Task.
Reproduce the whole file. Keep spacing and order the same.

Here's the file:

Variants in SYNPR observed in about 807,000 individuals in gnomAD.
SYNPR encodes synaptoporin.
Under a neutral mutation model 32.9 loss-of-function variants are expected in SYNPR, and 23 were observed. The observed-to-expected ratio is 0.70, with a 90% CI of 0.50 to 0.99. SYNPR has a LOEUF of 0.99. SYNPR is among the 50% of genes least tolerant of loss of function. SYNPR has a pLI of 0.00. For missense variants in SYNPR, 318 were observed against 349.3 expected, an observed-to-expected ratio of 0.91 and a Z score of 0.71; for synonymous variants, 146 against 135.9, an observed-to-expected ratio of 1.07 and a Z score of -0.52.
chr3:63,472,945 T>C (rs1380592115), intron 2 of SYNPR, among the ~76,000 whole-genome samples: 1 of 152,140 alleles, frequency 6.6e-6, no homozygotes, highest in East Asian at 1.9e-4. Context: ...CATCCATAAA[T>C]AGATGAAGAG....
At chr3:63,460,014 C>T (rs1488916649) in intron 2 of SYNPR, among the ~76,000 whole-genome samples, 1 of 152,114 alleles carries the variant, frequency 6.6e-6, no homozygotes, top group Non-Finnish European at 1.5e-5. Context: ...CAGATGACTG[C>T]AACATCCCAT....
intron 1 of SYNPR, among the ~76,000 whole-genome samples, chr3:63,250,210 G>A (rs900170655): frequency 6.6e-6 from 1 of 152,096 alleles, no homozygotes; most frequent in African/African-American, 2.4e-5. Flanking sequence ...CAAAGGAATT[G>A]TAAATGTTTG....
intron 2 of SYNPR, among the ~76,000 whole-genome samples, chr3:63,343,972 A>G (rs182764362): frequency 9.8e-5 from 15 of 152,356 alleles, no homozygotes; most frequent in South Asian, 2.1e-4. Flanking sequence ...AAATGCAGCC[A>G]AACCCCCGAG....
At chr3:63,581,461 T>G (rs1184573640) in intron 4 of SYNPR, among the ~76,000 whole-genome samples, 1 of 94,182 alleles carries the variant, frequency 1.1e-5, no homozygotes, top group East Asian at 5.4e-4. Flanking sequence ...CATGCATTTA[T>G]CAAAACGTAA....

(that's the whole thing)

Variants in SYNPR observed in about 807,000 individuals in gnomAD.
SYNPR encodes synaptoporin.
Under a neutral mutation model 32.9 loss-of-function variants are expected in SYNPR, and 23 were observed. The observed-to-expected ratio is 0.70, with a 90% CI of 0.50 to 0.99. SYNPR has a LOEUF of 0.99. SYNPR is among the 50% of genes least tolerant of loss of function. SYNPR has a pLI of 0.00. For missense variants in SYNPR, 318 were observed against 349.3 expected, an observed-to-expected ratio of 0.91 and a Z score of 0.71; for synonymous variants, 146 against 135.9, an observed-to-expected ratio of 1.07 and a Z score of -0.52.
chr3:63,472,945 T>C (rs1380592115), intron 2 of SYNPR, among the ~76,000 whole-genome samples: 1 of 152,140 alleles, frequency 6.6e-6, no homozygotes, highest in East Asian at 1.9e-4. Context: ...CATCCATAAA[T>C]AGATGAAGAG....
At chr3:63,460,014 C>T (rs1488916649) in intron 2 of SYNPR, among the ~76,000 whole-genome samples, 1 of 152,114 alleles carries the variant, frequency 6.6e-6, no homozygotes, top group Non-Finnish European at 1.5e-5. Context: ...CAGATGACTG[C>T]AACATCCCAT....
intron 1 of SYNPR, among the ~76,000 whole-genome samples, chr3:63,250,210 G>A (rs900170655): frequency 6.6e-6 from 1 of 152,096 alleles, no homozygotes; most frequent in African/African-American, 2.4e-5. Flanking sequence ...CAAAGGAATT[G>A]TAAATGTTTG....
intron 2 of SYNPR, among the ~76,000 whole-genome samples, chr3:63,343,972 A>G (rs182764362): frequency 9.8e-5 from 15 of 152,356 alleles, no homozygotes; most frequent in South Asian, 2.1e-4. Flanking sequence ...AAATGCAGCC[A>G]AACCCCCGAG....
At chr3:63,581,461 T>G (rs1184573640) in intron 4 of SYNPR, among the ~76,000 whole-genome samples, 1 of 94,182 alleles carries the variant, frequency 1.1e-5, no homozygotes, top group East Asian at 5.4e-4. Flanking sequence ...CATGCATTTA[T>G]CAAAACGTAA....